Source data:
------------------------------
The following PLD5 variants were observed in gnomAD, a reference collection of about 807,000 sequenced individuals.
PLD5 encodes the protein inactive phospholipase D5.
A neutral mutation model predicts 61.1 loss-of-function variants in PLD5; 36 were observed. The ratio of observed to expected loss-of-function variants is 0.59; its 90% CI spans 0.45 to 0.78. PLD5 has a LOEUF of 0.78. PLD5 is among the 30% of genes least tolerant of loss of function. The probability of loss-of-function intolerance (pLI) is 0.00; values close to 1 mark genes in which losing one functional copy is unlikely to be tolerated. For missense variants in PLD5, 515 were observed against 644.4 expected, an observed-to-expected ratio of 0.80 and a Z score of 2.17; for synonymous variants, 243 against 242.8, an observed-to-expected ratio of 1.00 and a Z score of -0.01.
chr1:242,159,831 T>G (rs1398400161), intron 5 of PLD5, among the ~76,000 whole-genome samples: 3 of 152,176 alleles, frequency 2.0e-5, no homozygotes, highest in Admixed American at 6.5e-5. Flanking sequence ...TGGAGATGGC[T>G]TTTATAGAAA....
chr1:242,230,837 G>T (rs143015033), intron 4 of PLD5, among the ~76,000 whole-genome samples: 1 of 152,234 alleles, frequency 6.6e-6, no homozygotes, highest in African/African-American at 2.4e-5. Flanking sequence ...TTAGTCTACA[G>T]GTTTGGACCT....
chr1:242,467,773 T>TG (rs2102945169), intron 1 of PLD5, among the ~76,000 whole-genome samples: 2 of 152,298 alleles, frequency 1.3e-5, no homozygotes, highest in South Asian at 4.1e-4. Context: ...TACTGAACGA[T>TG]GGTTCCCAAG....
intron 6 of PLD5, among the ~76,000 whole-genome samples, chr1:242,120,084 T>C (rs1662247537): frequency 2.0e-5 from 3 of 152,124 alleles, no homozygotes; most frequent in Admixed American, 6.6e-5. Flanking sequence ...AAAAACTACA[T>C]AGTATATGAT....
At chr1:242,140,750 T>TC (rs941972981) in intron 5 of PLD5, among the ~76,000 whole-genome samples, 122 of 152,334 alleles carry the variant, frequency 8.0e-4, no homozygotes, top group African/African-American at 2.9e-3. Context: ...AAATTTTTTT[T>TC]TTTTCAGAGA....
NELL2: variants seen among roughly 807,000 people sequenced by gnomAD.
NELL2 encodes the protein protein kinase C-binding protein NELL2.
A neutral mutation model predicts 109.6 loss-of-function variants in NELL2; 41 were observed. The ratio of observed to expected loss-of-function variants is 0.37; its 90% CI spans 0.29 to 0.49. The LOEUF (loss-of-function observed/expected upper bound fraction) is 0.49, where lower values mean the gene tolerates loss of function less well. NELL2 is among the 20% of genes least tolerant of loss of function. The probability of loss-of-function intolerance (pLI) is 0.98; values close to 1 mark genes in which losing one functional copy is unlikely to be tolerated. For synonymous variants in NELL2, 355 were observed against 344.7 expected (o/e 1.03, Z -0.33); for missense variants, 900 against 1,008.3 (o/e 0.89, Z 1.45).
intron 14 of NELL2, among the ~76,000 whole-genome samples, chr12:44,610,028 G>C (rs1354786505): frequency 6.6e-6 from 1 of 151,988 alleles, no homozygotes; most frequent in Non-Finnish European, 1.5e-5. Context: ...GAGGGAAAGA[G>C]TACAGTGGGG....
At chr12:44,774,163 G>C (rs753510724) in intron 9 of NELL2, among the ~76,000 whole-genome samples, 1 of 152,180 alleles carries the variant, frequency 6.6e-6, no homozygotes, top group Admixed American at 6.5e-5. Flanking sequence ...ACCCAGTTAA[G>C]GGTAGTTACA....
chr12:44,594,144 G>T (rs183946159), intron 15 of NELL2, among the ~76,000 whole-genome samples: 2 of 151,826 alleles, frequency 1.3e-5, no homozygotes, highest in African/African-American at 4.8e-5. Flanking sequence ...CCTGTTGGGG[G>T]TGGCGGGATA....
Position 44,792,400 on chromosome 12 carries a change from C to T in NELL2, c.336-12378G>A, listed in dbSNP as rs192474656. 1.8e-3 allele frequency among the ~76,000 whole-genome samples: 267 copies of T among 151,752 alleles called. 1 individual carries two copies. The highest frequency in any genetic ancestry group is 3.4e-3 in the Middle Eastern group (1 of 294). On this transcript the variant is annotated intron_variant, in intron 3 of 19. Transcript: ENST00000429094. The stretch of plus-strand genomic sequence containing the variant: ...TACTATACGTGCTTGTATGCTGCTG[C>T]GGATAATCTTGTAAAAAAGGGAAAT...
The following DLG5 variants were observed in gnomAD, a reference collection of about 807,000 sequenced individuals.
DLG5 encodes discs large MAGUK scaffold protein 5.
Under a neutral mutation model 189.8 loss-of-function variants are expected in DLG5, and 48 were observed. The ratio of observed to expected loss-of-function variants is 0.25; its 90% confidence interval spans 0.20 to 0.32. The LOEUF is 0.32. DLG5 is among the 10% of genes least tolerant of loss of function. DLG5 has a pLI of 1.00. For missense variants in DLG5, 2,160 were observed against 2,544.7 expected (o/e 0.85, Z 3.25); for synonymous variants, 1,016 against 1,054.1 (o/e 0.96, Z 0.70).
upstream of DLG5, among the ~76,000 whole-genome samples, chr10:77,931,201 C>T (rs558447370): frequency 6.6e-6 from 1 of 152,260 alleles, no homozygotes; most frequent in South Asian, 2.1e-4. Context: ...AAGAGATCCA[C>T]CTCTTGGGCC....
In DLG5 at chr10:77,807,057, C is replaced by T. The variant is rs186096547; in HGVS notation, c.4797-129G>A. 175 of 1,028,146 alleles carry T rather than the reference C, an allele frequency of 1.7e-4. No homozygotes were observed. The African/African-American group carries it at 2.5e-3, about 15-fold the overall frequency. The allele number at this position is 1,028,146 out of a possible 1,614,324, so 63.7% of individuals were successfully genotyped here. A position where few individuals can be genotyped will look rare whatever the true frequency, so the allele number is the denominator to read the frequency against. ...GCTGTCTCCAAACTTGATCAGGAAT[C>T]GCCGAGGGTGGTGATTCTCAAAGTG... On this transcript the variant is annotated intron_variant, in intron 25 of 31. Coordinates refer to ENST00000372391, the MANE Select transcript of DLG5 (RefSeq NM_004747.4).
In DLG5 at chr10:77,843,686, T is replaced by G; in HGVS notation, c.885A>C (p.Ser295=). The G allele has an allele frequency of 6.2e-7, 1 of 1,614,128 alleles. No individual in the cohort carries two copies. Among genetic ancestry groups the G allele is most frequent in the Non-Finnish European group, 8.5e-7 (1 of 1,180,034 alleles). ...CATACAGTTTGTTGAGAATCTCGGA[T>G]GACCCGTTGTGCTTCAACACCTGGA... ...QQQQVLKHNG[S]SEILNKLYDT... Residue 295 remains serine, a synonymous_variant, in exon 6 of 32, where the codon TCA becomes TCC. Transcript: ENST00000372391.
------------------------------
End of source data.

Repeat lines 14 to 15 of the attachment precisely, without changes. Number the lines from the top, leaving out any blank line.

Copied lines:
chr12:44,594,144 G>T (rs183946159), intron 15 of NELL2, among the ~76,000 whole-genome samples: 2 of 151,826 alleles, frequency 1.3e-5, no homozygotes, highest in African/African-American at 4.8e-5. Flanking sequence ...CCTGTTGGGG[G>T]TGGCGGGATA....
Position 44,792,400 on chromosome 12 carries a change from C to T in NELL2, c.336-12378G>A, listed in dbSNP as rs192474656. 1.8e-3 allele frequency among the ~76,000 whole-genome samples: 267 copies of T among 151,752 alleles called. 1 individual carries two copies. The highest frequency in any genetic ancestry group is 3.4e-3 in the Middle Eastern group (1 of 294). On this transcript the variant is annotated intron_variant, in intron 3 of 19. Transcript: ENST00000429094. The stretch of plus-strand genomic sequence containing the variant: ...TACTATACGTGCTTGTATGCTGCTG[C>T]GGATAATCTTGTAAAAAAGGGAAAT...